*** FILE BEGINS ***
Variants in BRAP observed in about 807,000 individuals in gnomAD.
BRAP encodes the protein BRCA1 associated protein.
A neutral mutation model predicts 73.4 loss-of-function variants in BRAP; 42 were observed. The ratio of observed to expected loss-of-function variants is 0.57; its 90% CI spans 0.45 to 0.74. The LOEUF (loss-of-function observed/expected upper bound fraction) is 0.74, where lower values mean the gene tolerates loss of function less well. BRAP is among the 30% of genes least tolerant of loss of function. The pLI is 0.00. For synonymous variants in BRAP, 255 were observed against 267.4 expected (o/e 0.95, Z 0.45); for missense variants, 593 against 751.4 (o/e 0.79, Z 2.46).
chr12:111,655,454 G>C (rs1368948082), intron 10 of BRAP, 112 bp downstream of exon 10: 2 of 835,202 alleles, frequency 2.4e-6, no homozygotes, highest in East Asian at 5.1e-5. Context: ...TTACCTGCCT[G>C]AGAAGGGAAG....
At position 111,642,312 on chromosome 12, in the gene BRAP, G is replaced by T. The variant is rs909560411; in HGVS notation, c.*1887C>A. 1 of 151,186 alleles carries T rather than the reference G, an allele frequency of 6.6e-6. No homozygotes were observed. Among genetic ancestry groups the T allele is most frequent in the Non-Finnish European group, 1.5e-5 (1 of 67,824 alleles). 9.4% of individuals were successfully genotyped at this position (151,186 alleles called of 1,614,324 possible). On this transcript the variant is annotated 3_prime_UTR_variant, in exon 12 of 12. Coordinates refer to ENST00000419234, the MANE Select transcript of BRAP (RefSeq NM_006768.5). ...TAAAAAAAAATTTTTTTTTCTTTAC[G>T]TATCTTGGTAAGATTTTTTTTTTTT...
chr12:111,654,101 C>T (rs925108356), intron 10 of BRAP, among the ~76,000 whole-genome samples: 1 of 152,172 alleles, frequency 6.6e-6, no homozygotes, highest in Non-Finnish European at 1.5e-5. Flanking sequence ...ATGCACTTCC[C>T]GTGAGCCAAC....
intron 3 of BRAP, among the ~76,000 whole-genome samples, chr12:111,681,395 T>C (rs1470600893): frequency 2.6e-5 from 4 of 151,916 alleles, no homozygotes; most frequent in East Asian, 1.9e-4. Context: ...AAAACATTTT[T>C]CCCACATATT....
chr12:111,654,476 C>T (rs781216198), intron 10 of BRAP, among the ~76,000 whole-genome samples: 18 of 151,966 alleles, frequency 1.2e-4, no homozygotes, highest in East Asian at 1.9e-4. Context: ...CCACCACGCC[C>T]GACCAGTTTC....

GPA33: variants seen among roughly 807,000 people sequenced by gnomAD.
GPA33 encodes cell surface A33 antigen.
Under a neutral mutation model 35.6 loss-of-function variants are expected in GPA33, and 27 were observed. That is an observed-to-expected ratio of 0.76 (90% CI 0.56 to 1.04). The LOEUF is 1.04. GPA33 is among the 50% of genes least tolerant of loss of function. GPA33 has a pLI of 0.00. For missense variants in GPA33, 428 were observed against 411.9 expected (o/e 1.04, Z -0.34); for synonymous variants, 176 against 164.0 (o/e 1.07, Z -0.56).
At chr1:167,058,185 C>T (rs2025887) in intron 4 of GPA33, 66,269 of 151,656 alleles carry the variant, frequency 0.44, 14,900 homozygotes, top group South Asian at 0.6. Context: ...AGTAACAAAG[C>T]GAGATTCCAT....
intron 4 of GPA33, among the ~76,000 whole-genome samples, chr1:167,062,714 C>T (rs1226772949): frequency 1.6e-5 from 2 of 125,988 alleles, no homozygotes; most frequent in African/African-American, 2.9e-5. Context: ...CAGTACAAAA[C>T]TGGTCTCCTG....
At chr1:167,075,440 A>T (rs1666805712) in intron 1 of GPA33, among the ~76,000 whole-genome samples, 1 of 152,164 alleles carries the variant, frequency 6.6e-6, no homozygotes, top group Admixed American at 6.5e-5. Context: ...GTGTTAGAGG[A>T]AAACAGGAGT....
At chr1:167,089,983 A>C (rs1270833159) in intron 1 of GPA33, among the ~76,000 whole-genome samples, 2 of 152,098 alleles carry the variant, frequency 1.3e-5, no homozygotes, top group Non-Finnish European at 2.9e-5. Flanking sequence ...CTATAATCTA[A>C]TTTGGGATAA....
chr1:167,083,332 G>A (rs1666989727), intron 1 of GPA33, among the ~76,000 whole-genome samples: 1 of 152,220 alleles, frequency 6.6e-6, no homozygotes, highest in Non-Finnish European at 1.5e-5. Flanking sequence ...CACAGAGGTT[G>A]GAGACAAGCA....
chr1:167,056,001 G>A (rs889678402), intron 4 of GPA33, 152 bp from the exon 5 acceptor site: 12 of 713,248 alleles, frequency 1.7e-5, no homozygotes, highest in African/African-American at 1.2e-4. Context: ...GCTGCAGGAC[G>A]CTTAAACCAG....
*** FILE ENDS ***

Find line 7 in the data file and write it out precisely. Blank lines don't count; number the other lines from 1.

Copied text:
intron 3 of BRAP, among the ~76,000 whole-genome samples, chr12:111,681,395 T>C (rs1470600893): frequency 2.6e-5 from 4 of 151,916 alleles, no homozygotes; most frequent in East Asian, 1.9e-4. Context: ...AAAACATTTT[T>C]CCCACATATT....